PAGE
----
Thursday, June 24, 2021

Thursday Movie Picks #363: TMP Television Edition - Fish Out of Water



Hello there and welcome to Thursday Movie Picks a weekly series where you share movie picks each Thursday. The rules are simple: based on the theme of the week pick three to five titles and tell us why you picked them. For further details and the schedule visit the series main page here.

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This week's Thursday Movie Picks is TMP Television Edition - Fish Out of Water

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So this is a fun theme. I'm picking my most recent watches.

The Rook (2019 - )
A woman wakes up in a park surrounded by dead bodies around her. She has no memories of what happened but finds a letter on her person, a letter written by her informing her that her memory has been erased and that she was targeted by an unknown assassin. The assassin could be a colleague from the secret organization within the British Intelligence whom she works for. So her choices are either to walkaway from everything and assume a new identity or use the identity of the person who's memory was erased to find out who is trying to kill her.
So the fish out of water aspect of the story is of the main character pretending to be the person that was erased, navigating this new world like she already knows it, trying doing her job and meeting the people she used to know. I loved the book this was based on and was sooo excited when an adaptation was announced. Unfortunately the TV series was a disappointment as it changed sooo many things. In the book for example, the main character that woke up in the park has a completely different personality from the person that was erased. The person that was erased was an introvert, into organization and afraid of her own power. The person that woke up is more of an extrovert, is witty, more interested in field work and open to exploring her powers and the TV series completely ignores that aspect of the book. Also the plot is completely different from the book...it is I think unnecessarily more convoluted.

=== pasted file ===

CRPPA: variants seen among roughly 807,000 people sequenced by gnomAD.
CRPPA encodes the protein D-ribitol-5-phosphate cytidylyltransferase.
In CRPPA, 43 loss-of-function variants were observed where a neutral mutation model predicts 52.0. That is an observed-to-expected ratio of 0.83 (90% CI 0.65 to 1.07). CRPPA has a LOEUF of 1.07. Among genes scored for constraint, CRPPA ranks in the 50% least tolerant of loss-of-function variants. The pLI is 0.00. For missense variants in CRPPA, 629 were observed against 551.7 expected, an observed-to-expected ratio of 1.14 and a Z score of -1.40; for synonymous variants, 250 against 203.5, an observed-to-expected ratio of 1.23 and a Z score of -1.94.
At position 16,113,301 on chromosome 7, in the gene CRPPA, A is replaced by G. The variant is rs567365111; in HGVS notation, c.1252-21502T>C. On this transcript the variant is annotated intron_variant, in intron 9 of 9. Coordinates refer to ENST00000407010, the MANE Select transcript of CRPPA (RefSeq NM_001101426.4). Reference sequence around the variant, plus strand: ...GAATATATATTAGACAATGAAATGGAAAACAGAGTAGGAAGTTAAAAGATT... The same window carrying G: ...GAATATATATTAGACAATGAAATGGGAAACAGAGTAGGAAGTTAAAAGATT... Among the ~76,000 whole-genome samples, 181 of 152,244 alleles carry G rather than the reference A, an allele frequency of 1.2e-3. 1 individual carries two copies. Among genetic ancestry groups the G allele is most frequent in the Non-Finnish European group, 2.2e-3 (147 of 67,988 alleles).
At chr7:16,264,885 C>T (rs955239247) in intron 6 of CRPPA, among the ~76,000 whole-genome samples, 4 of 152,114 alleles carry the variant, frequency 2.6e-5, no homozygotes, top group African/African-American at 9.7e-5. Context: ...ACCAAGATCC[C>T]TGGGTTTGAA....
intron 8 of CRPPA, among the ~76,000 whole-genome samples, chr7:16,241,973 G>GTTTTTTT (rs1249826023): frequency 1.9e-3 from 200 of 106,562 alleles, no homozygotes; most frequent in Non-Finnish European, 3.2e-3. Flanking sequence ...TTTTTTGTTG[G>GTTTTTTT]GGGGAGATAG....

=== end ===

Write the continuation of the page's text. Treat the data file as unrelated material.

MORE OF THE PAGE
Emily in Paris (2020 - )
A young woman moves to Paris to work for a French marketing firm to provide an American perspective on things. Emily doing her "marketing stuff" is not entirely believable...like she doesn't have much skills and experience. She just mostly seems very juvenile, unworldly and basically not like a working adult at all. I would also say some of the office workplace stuff is also unbelievable...I think it was the second day, where she came early and had to wait outside a locked office building. I mean are we not living in the 21st century where offices (especially for the kind of the firm she is working for...it is not some sort of small family business where only the owner has the key to open shop) use key cards, and she would already have been given a card on her first day by HR. Still I thought this was fun light fluff. Just don't take it too seriously and go into it expecting it to be about a poised young woman crushing it at her career.